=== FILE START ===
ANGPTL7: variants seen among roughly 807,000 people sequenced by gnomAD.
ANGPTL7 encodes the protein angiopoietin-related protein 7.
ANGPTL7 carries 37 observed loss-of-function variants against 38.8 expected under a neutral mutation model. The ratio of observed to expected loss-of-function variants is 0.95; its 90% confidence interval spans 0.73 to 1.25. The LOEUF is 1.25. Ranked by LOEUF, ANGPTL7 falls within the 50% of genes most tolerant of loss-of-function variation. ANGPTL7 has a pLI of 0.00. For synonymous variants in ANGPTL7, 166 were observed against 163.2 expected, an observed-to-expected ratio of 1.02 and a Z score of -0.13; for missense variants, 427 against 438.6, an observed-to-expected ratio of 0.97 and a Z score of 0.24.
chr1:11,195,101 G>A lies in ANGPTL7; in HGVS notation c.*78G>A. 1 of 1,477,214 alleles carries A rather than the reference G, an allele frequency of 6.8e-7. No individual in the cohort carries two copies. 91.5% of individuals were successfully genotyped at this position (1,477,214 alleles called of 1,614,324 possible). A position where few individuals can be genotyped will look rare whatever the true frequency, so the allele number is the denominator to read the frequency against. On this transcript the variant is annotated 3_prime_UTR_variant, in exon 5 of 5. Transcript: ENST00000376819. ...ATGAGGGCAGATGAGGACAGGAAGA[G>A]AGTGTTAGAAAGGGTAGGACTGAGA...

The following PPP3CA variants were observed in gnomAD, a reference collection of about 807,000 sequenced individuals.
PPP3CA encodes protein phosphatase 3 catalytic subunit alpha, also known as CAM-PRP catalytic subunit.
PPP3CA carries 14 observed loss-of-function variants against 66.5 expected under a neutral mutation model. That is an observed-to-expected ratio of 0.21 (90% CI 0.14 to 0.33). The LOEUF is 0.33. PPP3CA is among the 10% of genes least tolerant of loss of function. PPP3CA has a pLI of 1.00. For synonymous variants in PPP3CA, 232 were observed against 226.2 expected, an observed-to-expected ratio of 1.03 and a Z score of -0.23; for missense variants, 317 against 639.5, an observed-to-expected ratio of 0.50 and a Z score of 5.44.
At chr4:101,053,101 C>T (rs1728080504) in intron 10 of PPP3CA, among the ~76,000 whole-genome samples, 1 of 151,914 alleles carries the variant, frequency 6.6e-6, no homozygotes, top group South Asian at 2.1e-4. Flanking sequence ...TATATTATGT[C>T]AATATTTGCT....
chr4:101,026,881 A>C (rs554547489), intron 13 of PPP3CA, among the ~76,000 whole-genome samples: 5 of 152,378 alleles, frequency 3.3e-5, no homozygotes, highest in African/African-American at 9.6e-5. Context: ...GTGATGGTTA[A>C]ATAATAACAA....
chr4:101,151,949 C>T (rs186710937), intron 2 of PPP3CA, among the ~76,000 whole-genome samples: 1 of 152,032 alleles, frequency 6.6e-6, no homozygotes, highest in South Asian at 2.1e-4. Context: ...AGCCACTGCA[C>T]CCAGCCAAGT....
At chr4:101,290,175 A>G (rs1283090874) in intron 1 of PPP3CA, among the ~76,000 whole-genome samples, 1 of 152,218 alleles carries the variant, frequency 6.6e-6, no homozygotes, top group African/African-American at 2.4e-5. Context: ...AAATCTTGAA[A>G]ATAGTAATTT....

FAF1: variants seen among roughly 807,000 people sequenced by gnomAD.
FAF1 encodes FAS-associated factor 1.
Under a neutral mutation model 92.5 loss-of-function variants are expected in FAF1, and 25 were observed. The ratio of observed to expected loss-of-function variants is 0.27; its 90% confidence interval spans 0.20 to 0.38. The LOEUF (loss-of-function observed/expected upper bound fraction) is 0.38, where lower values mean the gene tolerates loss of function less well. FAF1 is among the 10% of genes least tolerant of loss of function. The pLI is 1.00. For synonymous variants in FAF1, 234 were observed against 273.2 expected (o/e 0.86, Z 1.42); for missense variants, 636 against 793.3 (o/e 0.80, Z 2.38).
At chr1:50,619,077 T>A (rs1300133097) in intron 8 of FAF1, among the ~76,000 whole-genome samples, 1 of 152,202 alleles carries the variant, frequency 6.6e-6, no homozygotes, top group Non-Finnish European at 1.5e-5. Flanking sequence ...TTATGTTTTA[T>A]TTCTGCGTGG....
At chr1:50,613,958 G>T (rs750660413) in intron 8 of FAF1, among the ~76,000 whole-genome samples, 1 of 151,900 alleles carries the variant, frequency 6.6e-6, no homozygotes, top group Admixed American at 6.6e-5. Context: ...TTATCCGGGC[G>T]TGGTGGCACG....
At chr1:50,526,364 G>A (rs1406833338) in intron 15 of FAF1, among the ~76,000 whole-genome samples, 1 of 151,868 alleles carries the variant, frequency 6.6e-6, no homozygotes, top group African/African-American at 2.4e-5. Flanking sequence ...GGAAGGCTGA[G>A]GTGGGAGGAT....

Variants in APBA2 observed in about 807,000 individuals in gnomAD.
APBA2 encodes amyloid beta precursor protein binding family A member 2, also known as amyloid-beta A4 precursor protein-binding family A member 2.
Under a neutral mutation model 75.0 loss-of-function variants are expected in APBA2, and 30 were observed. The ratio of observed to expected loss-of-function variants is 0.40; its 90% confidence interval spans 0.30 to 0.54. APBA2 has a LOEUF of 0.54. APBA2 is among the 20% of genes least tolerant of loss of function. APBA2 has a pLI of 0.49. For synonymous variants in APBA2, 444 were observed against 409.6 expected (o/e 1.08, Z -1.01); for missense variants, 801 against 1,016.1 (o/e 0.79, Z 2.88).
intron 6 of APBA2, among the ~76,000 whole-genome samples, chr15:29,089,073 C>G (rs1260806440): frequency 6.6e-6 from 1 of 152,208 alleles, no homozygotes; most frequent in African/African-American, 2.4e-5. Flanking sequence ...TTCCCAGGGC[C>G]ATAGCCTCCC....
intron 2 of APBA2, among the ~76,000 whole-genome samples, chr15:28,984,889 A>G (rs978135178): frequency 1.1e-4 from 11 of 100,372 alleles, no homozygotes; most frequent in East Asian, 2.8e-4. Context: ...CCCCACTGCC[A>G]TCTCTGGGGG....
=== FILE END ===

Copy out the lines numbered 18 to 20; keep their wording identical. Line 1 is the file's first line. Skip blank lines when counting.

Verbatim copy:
Variants in APBA2 observed in about 807,000 individuals in gnomAD.
APBA2 encodes amyloid beta precursor protein binding family A member 2, also known as amyloid-beta A4 precursor protein-binding family A member 2.
Under a neutral mutation model 75.0 loss-of-function variants are expected in APBA2, and 30 were observed. The ratio of observed to expected loss-of-function variants is 0.40; its 90% confidence interval spans 0.30 to 0.54. APBA2 has a LOEUF of 0.54. APBA2 is among the 20% of genes least tolerant of loss of function. APBA2 has a pLI of 0.49. For synonymous variants in APBA2, 444 were observed against 409.6 expected (o/e 1.08, Z -1.01); for missense variants, 801 against 1,016.1 (o/e 0.79, Z 2.88).